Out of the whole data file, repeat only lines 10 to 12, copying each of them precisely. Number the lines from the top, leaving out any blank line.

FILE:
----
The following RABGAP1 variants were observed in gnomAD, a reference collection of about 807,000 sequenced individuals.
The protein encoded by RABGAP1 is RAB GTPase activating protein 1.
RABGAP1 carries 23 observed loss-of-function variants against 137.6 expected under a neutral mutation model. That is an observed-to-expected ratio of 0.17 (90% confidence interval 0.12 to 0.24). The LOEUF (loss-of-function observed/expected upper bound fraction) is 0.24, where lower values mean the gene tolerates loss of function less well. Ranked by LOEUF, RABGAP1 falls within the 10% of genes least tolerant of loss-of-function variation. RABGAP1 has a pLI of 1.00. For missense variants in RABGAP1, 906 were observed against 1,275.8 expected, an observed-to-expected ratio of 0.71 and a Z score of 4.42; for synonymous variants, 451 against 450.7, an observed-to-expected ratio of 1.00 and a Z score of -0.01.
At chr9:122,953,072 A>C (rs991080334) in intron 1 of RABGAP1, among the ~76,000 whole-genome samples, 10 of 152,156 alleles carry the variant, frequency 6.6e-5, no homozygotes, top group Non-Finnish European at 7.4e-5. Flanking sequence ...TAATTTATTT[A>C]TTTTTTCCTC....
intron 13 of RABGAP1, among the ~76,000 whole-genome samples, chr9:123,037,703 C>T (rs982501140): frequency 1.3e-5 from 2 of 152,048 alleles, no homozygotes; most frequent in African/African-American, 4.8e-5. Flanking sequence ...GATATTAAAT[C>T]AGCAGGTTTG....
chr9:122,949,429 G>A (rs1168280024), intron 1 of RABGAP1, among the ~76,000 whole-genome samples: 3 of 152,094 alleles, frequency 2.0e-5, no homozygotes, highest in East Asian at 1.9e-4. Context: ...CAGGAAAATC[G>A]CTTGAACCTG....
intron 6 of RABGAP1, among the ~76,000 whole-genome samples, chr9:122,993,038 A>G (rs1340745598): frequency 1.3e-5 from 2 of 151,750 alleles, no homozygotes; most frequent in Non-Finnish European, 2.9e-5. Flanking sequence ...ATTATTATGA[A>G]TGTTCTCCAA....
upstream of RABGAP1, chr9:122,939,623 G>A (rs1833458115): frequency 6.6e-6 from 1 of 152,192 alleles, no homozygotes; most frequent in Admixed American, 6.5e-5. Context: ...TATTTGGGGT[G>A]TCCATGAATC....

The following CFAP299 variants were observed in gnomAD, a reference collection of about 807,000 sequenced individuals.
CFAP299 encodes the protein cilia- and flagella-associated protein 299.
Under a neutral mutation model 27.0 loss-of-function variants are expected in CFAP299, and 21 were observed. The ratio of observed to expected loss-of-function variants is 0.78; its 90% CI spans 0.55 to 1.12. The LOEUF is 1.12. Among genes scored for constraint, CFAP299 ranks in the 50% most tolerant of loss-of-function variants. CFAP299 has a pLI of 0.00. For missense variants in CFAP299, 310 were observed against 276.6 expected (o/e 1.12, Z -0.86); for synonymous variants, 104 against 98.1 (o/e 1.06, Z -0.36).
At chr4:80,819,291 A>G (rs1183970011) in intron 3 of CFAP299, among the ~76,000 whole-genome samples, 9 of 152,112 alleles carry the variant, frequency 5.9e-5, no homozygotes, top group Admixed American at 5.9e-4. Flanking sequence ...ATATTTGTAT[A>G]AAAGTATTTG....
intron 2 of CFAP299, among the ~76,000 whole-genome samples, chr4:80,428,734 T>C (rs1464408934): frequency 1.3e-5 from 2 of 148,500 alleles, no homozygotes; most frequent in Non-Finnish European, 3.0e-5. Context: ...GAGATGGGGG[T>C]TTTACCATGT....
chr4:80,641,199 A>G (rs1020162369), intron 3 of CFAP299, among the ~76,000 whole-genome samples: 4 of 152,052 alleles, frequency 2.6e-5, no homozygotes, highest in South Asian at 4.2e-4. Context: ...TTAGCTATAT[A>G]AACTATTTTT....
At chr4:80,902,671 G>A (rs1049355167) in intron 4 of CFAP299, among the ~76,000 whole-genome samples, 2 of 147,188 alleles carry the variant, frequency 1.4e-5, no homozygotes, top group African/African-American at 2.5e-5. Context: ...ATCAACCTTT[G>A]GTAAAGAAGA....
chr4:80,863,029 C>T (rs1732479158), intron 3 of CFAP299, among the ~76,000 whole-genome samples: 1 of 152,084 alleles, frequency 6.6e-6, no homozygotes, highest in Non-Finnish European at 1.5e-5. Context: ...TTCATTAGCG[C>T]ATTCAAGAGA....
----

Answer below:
CFAP299 encodes the protein cilia- and flagella-associated protein 299.
Under a neutral mutation model 27.0 loss-of-function variants are expected in CFAP299, and 21 were observed. The ratio of observed to expected loss-of-function variants is 0.78; its 90% CI spans 0.55 to 1.12. The LOEUF is 1.12. Among genes scored for constraint, CFAP299 ranks in the 50% most tolerant of loss-of-function variants. CFAP299 has a pLI of 0.00. For missense variants in CFAP299, 310 were observed against 276.6 expected (o/e 1.12, Z -0.86); for synonymous variants, 104 against 98.1 (o/e 1.06, Z -0.36).
At chr4:80,819,291 A>G (rs1183970011) in intron 3 of CFAP299, among the ~76,000 whole-genome samples, 9 of 152,112 alleles carry the variant, frequency 5.9e-5, no homozygotes, top group Admixed American at 5.9e-4. Flanking sequence ...ATATTTGTAT[A>G]AAAGTATTTG....